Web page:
Currently, there are over 800,000 immigration cases waiting to be resolved by U.S. immigration courts. A majority involve people seeking a chance to stay in the U.S. rather than being deported. And, although the case backlog has been growing for at least a decade, it has jumped by almost 50 percent since 2017, when President Trump took office. Now, the average time to complete an immigration court hearing is 578 days.

What circumstances and policies contribute to this historic backlog? The New York Times recently investigated the question.

One factor is the large number of asylum seekers fleeing violence in Central America. Last year, a record 159,590 people applied for asylum in the U.S. Most came from El Salvador, Guatemala and Honduras.

Policy changes by the Trump administration also contribute. For example, ICE used to prioritize arresting immigrants who had criminal records. Other immigrants were typically given parole — allowed to live in the U.S. while they worked through their immigration issues.

The Trump administration is arresting and detaining virtually everyone with an immigration case, even asylum seekers who have violated no law. As a result, the parole rate among asylum seekers has plummeted from 92 percent to 4 percent, and the backlog has grown by over 293,000 cases since the end of 2016.

The government shutdown has taken a toll, too. By Jan. 25, over 80,000 immigration court hearings were canceled due to the shutdown. That means that people who have already waited years for their court date will have to reschedule.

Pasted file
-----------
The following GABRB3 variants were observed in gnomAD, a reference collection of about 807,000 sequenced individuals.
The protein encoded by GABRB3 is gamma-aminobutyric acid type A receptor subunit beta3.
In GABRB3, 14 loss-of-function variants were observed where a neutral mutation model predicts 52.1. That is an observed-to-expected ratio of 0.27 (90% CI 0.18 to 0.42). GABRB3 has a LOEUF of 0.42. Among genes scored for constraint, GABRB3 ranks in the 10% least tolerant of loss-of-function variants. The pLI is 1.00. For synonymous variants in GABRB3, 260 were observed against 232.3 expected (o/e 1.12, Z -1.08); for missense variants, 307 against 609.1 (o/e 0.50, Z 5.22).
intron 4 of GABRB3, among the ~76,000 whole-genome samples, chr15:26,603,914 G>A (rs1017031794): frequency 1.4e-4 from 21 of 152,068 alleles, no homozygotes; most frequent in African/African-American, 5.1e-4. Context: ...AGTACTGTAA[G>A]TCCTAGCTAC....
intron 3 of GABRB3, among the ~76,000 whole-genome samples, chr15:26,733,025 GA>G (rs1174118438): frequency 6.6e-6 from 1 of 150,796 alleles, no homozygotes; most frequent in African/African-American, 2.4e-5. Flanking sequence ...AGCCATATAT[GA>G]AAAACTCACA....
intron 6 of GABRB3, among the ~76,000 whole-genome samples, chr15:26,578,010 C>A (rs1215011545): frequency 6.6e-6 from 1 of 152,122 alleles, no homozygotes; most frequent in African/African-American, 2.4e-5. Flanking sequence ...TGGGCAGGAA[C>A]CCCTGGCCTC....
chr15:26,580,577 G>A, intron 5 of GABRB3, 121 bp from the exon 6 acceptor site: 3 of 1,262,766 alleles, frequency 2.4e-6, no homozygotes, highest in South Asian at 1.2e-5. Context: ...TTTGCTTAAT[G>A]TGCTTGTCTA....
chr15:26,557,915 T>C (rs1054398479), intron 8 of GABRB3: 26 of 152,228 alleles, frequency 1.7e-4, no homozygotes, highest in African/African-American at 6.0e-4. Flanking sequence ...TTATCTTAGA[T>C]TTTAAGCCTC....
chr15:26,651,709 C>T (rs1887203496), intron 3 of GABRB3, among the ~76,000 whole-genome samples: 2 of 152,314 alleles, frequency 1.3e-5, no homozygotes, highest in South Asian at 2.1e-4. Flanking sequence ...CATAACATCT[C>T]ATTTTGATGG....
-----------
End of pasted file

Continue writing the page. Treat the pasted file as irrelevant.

Another policy change was instituted last May by then-attorney general Jeff Sessions. Judges used to be able to temporarily suspend cases during reasonable delays. Sessions ended their authority to do so and ordered them to reopen over 300,000 cases that had been suspended.

The Trump administration has made some efforts to reduce the immigration courts’ backlog. It has repeatedly tried to limit the number of new asylum cases allowed, although its efforts have been blocked by courts. More immigration judges have been hired.

Last year, Sessions ordered each judge to resolve 700 cases per year. Since 2016, however, their average case output has been 495. At that rate, it would take approximately four years to clear the backlog if no new cases came in. The immigration judges’ union opposes the 700-case quota, arguing that the hectic pace will only result in more mistakes and reversals, doing little to clear the backlog as a result.

Will the immigration backlog affect you? At Yew Immigration Law Group, we can tell you whether your case will require an immigration court hearing. We have years of experience helping people come to the U.S. for business or family reasons.